A point-of-sale (PoS) malware that went largely undetected for the past several years has been analyzed by researchers at Trustwave.
Dubbed by the security firm “Cherry Picker,” the threat has been around since at least 2011, but it managed to stay under the radar thanks to its sophisticated functionality and use in highly targeted attacks.
In 2011, Trustwave started analyzing several pieces of malware designed to inject processes with cardholder data. One of these toolsets consisted of two components: sr.exe, which is a command line interface, and searcher.dll, which got injected into targeted processes by sr.exe.
Another threat seen on systems infected with searcher.dll is Cherry Picker, which has managed to stay under the radar. Trustwave reported spotting three versions of the malware, each with slight functionality improvements compared to the previous version.
According to researchers, Cherry Picker relies on a new memory scraping algorithm, it uses a file infector for persistence, and it comes with a cleaner component that removes all traces of the infection from the system.
While in some cases the PoS malware created a registry entry for persistence, in more recent instances experts discovered an updated version of sr.exe, srf.exe, which has been used to install the malware and inject a DLL into processes.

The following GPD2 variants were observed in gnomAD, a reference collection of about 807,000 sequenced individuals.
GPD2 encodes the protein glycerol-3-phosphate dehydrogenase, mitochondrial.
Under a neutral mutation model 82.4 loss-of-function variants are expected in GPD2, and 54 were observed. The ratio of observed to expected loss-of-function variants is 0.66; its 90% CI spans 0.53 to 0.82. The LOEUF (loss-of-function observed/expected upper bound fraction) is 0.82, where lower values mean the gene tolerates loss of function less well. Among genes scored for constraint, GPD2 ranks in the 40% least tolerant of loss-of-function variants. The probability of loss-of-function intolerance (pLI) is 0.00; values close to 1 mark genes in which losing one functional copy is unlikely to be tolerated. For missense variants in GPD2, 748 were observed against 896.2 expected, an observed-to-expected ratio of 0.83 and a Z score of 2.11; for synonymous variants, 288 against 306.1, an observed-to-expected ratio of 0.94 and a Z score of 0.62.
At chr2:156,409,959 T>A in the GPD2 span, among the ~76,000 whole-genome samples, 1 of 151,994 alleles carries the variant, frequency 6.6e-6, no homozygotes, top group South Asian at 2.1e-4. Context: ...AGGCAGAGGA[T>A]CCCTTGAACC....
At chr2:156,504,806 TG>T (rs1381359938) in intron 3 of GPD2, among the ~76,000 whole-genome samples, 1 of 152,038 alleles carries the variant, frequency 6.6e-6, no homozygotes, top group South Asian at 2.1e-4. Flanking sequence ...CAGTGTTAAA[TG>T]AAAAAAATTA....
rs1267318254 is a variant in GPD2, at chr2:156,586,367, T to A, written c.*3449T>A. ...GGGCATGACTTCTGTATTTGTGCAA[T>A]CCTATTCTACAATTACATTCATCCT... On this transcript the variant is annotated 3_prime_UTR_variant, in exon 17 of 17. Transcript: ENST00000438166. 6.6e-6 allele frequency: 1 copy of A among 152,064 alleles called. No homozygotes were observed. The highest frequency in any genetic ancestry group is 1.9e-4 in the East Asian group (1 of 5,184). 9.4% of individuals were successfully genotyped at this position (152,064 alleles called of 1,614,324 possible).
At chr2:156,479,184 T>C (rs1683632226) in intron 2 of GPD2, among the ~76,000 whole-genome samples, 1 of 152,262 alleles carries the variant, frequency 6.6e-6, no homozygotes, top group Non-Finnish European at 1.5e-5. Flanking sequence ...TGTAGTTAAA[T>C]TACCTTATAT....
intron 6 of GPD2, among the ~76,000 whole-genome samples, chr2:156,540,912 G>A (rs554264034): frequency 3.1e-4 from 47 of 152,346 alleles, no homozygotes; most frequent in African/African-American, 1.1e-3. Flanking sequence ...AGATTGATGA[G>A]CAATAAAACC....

In basketball, a cherry picker is a player who doesn’t play defense with the rest of the team and instead sits near the opponent’s basket waiting for a pass after a change of possession, enabling them to score easily. Just like a cherry picker in basketball, the Cherry Picker malware doesn’t target all processes and instead focuses on one process that is known to contain card data.
The threat’s configuration file specifies which process should be injected, and if that process is not found, the malware exits. This indicates that the attacker has already conducted reconnaissance on the system to determine which process should be targeted.
The latest version of the PoS malware relies on an API called QueryWorkingSet to scrape the memory. The harvested data is then written into a file and sent to the attacker’s server.
Once the data is exfiltrated, the cleaning process begins. The malware developers created a targeted cleaner tool designed to restore the infected system to a clean state. The threat relies on the popular remote control software TeamViewer to overwrite and remove files, logs and registry entries.
“Cherry Picker’s use of configuration files, encryption, obfuscation, and command line arguments have allowed the malware to remain under the radar of many security companies and AV’s,” Trustwave researchers said. “The introduction of new way to parse memory and find CHD, a sophisticated file infector, and a targeted cleaner program have allowed this malware family to go largely unnoticed in the security community.”
Trustwave says it’s currently investigating a Cherry Picker attack targeting a company in the food and beverage industry, but the security firm warns that any business using PoS applications is at risk.
Additional technical details on Cherry Picker are available in a blog post from Trustwave.
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